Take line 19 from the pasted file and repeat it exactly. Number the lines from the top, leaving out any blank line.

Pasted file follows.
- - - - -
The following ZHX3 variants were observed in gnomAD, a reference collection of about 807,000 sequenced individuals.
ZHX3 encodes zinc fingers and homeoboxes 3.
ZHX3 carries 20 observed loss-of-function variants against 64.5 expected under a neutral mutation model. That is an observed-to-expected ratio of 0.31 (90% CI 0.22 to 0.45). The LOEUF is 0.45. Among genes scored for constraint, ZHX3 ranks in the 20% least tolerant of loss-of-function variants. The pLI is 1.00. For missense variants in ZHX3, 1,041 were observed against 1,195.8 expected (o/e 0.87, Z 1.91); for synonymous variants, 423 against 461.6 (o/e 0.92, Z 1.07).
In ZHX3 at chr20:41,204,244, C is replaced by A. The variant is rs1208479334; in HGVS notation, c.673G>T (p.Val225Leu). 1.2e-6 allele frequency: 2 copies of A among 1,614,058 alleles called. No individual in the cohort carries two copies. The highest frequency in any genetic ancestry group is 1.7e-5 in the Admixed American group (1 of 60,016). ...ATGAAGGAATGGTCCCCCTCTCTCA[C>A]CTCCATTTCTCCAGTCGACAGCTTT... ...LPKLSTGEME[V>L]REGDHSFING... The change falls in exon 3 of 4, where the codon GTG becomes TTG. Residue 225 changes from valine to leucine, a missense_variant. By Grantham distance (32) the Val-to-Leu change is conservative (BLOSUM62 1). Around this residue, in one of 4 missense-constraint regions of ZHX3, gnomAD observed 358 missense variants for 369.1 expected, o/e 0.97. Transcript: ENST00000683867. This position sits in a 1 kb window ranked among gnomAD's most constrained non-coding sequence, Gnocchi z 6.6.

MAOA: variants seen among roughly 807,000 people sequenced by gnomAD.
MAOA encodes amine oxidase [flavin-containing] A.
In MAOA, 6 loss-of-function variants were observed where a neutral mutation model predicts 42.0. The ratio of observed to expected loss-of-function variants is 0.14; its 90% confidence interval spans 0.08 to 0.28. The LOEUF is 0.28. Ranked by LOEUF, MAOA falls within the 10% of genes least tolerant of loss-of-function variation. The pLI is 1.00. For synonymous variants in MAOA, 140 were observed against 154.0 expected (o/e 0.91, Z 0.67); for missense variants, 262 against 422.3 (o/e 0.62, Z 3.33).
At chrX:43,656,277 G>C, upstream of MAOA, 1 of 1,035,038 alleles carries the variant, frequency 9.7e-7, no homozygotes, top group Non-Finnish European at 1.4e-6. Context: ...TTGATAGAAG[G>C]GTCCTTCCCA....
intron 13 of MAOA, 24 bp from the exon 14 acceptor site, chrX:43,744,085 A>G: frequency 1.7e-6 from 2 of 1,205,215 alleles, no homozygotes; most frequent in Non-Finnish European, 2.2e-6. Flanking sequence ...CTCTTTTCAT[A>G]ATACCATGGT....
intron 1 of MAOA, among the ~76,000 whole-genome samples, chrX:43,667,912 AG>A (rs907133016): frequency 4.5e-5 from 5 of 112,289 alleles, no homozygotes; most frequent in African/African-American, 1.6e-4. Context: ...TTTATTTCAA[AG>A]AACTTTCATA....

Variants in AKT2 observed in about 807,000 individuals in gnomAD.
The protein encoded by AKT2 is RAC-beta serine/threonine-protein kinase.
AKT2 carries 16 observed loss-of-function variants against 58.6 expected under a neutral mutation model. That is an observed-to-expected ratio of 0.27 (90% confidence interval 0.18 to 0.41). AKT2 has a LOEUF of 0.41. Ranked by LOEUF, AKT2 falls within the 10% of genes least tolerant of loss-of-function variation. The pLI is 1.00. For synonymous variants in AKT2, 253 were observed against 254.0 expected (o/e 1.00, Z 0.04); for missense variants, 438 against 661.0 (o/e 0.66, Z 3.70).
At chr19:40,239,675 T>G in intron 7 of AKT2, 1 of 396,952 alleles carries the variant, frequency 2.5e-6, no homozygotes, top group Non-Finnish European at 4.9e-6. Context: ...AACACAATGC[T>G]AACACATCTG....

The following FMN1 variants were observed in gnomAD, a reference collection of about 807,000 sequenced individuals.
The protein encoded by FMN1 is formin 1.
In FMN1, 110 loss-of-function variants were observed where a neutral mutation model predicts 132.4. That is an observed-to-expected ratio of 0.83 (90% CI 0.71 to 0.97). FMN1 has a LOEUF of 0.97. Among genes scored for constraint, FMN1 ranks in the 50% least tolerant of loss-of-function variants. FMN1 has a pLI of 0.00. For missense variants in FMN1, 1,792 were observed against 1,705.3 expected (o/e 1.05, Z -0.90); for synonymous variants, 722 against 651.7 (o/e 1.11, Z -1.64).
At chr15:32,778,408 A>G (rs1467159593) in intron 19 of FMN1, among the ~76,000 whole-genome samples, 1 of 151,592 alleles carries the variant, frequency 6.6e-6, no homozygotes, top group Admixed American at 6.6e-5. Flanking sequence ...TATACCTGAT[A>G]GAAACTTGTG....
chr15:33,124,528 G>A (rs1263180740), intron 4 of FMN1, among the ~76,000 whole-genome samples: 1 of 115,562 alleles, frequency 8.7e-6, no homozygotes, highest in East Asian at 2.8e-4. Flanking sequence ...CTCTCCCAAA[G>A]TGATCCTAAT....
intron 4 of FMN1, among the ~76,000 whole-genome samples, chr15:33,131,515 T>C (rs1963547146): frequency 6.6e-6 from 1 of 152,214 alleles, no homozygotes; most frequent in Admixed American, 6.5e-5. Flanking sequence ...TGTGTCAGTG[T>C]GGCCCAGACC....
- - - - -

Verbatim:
chr15:33,124,528 G>A (rs1263180740), intron 4 of FMN1, among the ~76,000 whole-genome samples: 1 of 115,562 alleles, frequency 8.7e-6, no homozygotes, highest in East Asian at 2.8e-4. Flanking sequence ...CTCTCCCAAA[G>A]TGATCCTAAT....